I’ll be honest- I’ve never seen a Star Wars film in my life. But I can follow along thanks to all the references I’ve been exposed to over the years. Everyone hates Jarjar (Jar-jar? JarJar?), the solo guy always shoots first, Darth Vader is Luke’s father, princess honeybuns and Luke are related, and a thing called “The Force”. That’s all I really need to know, right?
And as being in the elusive ‘Millennial’ category, I’ve been getting blasted with advertisements for the new movie that releases this month. It’s obvious of Disney’s possession of Star Wars with all of the partnerships with other companies using characters in their ads. Campbell’s, Kraft Mac n’ Cheese, Subway, Duracell, Covergirl, Verizon, HP… But what got me interested in this soon-to-be-released flick was an article I read off Mashable.
Apparently, some people are confused on why Target is currently carrying a special edition pack of six figures from The Force Awakens. No problem with that. I’m all for collectible figures. But it’s the figures they decided to include is what’s interesting.
People have noticed that one of the main characters, Rey, has been left out of the package. It’s a bit odd that they did, seeing as she seems to take the center focus of the movie poster.
The article does clarify that Target offers a Rey figure as an individual pack. And, odds are, Target didn’t choose which characters would be included, but they did choose to purchase it from whoever did. But this isn’t the first time a female has been left out of a Target toy collection for a movie franchise that’s thought to have a traditionally male audience.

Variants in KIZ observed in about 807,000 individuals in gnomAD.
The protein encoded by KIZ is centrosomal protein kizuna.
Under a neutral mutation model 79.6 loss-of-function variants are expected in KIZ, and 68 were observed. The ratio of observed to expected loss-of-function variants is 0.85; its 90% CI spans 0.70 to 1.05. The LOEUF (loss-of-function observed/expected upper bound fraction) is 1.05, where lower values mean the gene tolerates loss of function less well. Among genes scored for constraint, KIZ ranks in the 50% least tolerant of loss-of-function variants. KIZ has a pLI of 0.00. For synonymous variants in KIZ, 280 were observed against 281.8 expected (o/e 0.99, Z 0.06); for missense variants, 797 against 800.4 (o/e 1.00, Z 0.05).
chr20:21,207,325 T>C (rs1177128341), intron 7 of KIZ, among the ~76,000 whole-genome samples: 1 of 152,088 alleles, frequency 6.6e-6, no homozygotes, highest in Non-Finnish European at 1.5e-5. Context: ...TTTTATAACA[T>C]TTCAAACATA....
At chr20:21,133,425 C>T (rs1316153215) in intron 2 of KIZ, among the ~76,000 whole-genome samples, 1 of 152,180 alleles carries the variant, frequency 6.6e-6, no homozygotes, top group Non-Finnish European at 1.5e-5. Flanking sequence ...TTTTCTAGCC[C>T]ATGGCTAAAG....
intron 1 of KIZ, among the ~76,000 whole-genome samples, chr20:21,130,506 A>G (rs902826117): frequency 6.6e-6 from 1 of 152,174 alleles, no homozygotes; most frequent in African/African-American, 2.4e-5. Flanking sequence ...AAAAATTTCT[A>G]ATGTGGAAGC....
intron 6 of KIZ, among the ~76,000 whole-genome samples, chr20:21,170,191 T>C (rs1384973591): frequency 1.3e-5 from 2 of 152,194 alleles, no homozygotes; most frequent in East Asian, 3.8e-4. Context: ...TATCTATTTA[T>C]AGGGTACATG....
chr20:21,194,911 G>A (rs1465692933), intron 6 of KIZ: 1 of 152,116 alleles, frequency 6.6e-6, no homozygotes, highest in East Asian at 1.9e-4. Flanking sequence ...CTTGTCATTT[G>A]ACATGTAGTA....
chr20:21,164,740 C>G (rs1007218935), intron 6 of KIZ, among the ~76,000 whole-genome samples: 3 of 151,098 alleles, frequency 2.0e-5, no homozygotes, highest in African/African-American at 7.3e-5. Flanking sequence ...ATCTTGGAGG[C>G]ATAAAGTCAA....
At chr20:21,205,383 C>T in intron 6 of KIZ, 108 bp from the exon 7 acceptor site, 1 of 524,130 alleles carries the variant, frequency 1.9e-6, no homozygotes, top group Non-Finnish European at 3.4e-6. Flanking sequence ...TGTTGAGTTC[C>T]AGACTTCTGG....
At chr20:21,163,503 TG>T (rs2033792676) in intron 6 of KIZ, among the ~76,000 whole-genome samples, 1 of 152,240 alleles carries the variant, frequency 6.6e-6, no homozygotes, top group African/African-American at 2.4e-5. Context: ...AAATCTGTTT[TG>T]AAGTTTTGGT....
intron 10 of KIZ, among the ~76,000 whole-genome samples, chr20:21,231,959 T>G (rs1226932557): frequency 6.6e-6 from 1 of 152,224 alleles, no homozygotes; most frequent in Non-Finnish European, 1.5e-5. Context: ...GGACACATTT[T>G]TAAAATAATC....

Including females and generally anyone who doesn’t fit in the generic white male stereotype has always been a struggle in traditional nerd culture, to the point where I’m not surprised that this is still a thing. They’re hardly included in the actual product itself, much less it’s promotion. But a few days after reading this article, I stumbled across this Kohl’s ad:
What I like most about this ad is that there’s no overproduction about the girl being a fan, no “OHMYGERD A GIRL” moment. Just a regular girl who happens to like Star Wars. A pretty normal thing that’s treated as being pretty normal. Which it is. The tag line, ‘A Force For Family’ is also a solid move. Star Wars has become a multi-generational fandom. It’s clear that Kohl’s is trying hard to show that everyone, no matter their age, race, or gender, can be a fan. While I was loving this ad, I noticed that Kohl’s released another with the same type of message:
What a great message of self confidence and promoting the idea that you can like whatever you want to like. Kohl’s has clearly done it’s homework when coming up with this campaign. Without pushing a ‘We’re-Such-A-Great-Company-For-Including-Everyone’ gimmick, they’ve promoted the love people have for this franchise in a classy way. Bonus points for Kohl’s for including different body types as well. And for the win, just look at what kind of toy pack Kohl’s offers:
I’ll leave you with one more:
Maybe that’ll be me if I ever get around to watching one of these things.